Mice Parade – Obrigado Saudade

Mice Parade
Obrigado Saudade

As proven in 2003 by Brokeback’s brilliant Looks at the Bird and HiM’s enlightening Many in High Places are Not Well, the positive progression of America’s premier post-rock operations has not come via ploughing further into abstract terrain but more from mining the infinite and universal power of melody. A process continued here on the latest long-player from Adam Pierce’s New York collective, Mice Parade. Although it would be silly to suggest that Obrigado Saudade is somehow the missing-link between Rubber Soul and Millions Now Living Will Never Die, it’s still fair to say that the best bits here come from keeping one foot planted firmly in the realm of robust song-like structures and one eye on the ever-changing musical horizon. Assembling a simpatico cast of musicians that includes Doug Scharin (June of 44, Directions In Music, HiM), Kristin Anna Valtysdottir (Múm, HiM), and Dylan Cristy (The Dylan Band), Pierce has sculpted a series of serene and sensuous treasures rich in texture and laden with rapturous instrumental hooks.
Kristin Anna’s crystalline vocals are again a revelation to anyone who has never had the good fortune to hear Múm’s Finally We are No One. Her whispery delivery lends a gracious presence to the Four Tet-like folktronic twists of “Two, Three, Fall” and to the winsome stripped-down acoustic strains of “Spain (Excerpt).” Elsewhere on the laid-back “Out of the Freedom World,” Doug Scharin’s jazzy drum patterns underpin some beautiful oriental guitar shimmering from previously unknown guest Chris Conti. The 11-minute groove-rhythm-ride that is “Mystery Brethren” brings in a seemingly obligatory Tortoise homage, but it’s done with such panoramic panache and cinematic flair that charges of lazy plagiarism would never stand up in court.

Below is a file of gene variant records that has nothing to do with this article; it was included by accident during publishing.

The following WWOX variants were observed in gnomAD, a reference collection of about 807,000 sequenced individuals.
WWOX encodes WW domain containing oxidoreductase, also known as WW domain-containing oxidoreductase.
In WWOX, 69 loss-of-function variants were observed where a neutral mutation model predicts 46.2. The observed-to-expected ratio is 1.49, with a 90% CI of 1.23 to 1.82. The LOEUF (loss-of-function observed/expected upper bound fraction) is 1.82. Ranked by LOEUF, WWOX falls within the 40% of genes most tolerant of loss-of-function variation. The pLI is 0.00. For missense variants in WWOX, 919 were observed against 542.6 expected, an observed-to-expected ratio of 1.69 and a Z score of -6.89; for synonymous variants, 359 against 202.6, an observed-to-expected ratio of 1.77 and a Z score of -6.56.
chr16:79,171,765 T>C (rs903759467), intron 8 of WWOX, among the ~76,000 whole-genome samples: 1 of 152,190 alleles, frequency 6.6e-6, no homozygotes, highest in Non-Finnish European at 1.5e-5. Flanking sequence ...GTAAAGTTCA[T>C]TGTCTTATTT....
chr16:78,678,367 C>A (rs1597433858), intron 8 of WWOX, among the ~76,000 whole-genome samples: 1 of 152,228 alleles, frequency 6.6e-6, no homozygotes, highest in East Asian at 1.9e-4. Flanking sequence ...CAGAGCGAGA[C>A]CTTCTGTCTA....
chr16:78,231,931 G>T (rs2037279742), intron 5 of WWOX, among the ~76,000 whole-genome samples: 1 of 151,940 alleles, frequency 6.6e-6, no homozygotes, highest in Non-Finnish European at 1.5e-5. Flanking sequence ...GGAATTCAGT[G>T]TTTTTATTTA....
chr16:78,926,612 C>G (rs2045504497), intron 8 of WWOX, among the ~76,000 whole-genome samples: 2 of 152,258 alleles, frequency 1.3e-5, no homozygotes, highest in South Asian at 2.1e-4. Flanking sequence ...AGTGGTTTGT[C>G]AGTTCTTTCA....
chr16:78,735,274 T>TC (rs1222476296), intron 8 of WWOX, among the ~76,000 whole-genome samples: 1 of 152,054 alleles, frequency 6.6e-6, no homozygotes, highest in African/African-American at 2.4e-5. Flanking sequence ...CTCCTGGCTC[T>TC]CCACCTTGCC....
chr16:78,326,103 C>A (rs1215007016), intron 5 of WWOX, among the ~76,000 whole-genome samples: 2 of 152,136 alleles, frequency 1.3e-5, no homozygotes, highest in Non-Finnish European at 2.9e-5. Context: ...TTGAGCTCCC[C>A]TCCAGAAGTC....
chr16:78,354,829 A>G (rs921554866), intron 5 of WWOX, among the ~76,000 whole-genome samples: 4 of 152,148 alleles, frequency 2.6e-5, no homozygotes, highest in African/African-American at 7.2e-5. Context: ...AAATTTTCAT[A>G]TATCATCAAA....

Although Pierce benefits from his guests’ warmth and presence, many of the best (and indeed most melodic) moments here come in the shape of near-solo recordings. The interwoven unplugged guitars, looped percussion and hazy vocals of “Focus on the Rollercoaster” suggest David Grubbs isn’t the only New York resident with his eye on the intellectual art-pop crown. The marvellous “Milton Road” is even better with its handclaps, gossamer guitar figures and balmy synth washes. Binding such acts of delight together is Pierce’s strong sense of focus that stops things drifting off into dead-end tangents.
It doesn’t all quite work out – “Guitars for Plants” is an unfinished ambient noodle, for instance – but generally speaking this is a record that richly deserves to do for its creator what the aforementioned Looks at the Bird did for Tortoise/Eleventh Dream Day bassman Doug McCombs. A carefully crafted triumph for tunes as well as experimentation.